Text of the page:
Review: Von Schweikert Audio VR5 Anniversary MK2 Speaker
I go to live acoustic performances often. I am not a “found the holy grail type” but with the Anni’s I just may have found my speaker for the next decade. First up was classical piano because I am very familiar with what a piano should sound like in my room, having played a 7 foot Kawai grand in the same room as the speakers in the past. Through the VS Anni’s, piano now sounded seamless across all registers, with a better sense of the nature of the instrument with its wood case resonances and felt hammers on strings more evident. This allowed the piano to sound fuller, more natural, and real.
All instruments were more convincing. Guitars conveyed the sense of type of string and wood. Bass viol was much richer and accurate in timbre complexity. Sax had more burnished warmth with appropriate bite and no harshness. High flute was sweet and light and low flute mellow and full bodied. Organ was much closer to real, with true excitement. Massed strings were at another level of power and beauty with no stridency. Close-mic’ed female voices were free of artificial edge. Male voices were wonderfully clear and present. Whispered and poorly enunciated words that were barely decipherable before, were now clear with no strain to hear them. When pushed with loud, highly-layered, complex music, there was less congestion or compression of dynamics. There was never any sense of struggle by the speaker to meet the softest, loudest, or quickest demands. Drum kits and percussion from treble to bass were awesome with jump, control, and subtle timbral distinctions easily heard.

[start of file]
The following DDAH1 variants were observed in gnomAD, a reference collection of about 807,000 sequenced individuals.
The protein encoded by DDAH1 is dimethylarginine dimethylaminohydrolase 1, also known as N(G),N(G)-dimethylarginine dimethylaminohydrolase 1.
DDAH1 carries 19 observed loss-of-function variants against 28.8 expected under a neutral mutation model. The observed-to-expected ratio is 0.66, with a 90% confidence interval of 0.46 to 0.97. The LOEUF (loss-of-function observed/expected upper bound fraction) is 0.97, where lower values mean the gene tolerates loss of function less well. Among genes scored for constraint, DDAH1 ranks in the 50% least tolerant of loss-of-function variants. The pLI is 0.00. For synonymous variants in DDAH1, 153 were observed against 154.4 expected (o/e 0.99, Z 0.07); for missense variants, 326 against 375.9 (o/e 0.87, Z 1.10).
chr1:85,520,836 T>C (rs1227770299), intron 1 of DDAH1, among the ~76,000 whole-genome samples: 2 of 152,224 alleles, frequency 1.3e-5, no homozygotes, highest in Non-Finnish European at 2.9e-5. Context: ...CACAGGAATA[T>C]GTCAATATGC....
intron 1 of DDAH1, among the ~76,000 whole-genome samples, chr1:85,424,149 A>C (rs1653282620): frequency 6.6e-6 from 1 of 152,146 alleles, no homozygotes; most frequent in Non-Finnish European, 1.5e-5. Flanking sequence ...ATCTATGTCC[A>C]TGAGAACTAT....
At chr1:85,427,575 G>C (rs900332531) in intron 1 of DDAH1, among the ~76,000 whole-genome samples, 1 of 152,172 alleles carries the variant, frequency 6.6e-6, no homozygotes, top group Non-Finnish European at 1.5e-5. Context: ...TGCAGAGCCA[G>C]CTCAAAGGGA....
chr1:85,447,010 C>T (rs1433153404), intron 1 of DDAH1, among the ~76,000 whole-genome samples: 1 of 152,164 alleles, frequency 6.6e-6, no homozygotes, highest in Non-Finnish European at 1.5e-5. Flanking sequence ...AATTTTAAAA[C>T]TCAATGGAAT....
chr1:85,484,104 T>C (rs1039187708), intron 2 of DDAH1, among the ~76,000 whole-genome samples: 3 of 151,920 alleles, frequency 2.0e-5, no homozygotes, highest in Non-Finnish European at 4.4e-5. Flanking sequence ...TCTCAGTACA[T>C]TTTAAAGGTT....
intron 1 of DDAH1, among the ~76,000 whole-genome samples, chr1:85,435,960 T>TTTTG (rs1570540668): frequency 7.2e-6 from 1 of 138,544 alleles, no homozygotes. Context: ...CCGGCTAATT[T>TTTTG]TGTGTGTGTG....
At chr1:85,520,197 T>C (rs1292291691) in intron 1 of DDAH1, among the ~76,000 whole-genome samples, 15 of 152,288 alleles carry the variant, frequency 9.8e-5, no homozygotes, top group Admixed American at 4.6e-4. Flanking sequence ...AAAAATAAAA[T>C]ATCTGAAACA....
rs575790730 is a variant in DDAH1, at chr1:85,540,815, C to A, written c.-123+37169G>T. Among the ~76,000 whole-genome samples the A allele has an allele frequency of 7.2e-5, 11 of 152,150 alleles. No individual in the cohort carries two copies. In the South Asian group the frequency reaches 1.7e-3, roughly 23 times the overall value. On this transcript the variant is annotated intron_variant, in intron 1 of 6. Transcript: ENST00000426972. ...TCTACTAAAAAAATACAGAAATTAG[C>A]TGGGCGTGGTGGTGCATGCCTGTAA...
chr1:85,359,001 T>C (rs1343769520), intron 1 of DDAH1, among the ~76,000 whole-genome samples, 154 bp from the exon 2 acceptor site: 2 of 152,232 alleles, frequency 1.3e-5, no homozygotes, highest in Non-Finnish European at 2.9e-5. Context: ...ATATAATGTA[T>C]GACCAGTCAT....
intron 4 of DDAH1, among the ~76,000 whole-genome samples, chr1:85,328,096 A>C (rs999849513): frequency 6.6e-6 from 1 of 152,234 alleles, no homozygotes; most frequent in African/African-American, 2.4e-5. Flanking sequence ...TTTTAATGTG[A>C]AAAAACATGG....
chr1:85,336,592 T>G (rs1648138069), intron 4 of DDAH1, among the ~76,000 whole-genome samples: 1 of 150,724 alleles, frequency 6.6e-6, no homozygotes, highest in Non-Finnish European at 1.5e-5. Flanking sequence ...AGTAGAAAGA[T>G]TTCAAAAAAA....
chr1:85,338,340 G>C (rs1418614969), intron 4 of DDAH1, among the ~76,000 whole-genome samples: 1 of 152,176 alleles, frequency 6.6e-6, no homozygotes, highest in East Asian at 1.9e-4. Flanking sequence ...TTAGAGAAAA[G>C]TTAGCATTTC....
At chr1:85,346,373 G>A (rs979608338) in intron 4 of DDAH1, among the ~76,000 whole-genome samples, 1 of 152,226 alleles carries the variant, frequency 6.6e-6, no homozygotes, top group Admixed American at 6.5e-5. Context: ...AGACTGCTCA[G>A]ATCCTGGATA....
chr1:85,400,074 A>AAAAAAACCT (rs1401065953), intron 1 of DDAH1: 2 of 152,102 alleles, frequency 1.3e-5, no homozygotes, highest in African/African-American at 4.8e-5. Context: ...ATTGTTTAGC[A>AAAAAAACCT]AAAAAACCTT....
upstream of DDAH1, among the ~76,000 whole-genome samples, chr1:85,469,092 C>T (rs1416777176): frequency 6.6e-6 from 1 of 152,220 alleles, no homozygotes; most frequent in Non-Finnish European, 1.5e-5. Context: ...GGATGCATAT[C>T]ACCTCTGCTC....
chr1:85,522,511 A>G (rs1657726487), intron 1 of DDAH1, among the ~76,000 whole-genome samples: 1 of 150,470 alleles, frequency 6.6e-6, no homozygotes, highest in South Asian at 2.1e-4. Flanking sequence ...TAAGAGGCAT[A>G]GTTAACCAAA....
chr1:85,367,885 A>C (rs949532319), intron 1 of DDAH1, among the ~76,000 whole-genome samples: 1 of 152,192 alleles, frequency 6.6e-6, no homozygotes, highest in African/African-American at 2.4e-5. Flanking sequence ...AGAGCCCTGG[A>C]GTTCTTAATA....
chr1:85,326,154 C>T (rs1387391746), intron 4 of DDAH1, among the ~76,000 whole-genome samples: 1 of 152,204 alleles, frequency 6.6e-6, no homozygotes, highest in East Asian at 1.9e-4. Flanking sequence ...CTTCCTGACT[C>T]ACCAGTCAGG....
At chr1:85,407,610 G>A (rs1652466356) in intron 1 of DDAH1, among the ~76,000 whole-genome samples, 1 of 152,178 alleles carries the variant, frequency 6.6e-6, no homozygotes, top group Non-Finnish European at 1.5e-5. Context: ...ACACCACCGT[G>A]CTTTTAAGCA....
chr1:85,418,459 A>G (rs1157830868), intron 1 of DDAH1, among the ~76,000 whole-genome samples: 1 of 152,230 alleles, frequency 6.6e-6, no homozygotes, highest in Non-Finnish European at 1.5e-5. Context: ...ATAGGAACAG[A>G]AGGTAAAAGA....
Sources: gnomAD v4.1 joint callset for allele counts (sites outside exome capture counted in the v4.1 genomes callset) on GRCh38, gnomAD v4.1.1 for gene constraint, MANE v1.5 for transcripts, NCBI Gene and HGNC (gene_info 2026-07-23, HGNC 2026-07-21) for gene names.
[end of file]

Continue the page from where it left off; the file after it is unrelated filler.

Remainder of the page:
The VR4 very slight hard edge on certain passages was now completely gone yet with even more micro and macro detail present. I can only explain this as a dramatic reduction in mechanical distortion and cabinet resonances. The whole sonic landscape was more seamless, natural, and musical. The music was more dynamic and real, yet more relaxed. The musicians, whether classical, pop, jazz, or rock all seemed more confident and in control, yet more fluid because of a sense that everything was flowing with correct pace and proportion. Nothing jumped out, calling attention to itself, yet many things gently invited appreciation, including better location of instruments behind other instruments. Sound stage width remained excellent but now there was clearer placement, greater air, bloom, and holographic depth. In summary, if I heard these speakers and were then told that they cost $50,000 I would have promptly worked hard to save $10,000 per year to afford them five years down the road because these speakers brought me so much closer to the experience of live music and not just increased hi-fi dazzle that turns to frazzle. I judge them to be an awesome value for price, and able to challenge any big-dog you care to mention. As a bonus the whole Von Schweikert team has been stellar throughout the ownership experience with their passion for music and quality clearly evident at all times. I am not a dealer and have no financial ties with VS audio.
Other equipment: Ayon CD5s $11,300 (all-in-one transport, DAC, and preamp). Nuforce Reference V3SE $5,000 mono blocks modded with Cardas binding posts, special fuses, vibration controlled with Hyperion Magnetic floaters, weighted with lead bags, and isolated with PS Audio Quintet. Morrow Audio bi-wired SP6 speaker cables. Skagg audiophile balanced IC’s. Herbie’s gliders under stock points. Room 38 foot by 22 with soft pecky cypress walls, maple floors on trusses, 10ft peak ceiling. The CD’s and SACD’s used in evaluation were the best recorded and most familiar in my collection.
Comparison speakers: I have enjoyed Von Schweikert VR4SR Mark 1’s for many years in the same room and location, all descriptions are compared to the VR4SR’s which I have considered a very fine speaker and preferred to Wilson, Dali, and many other brands.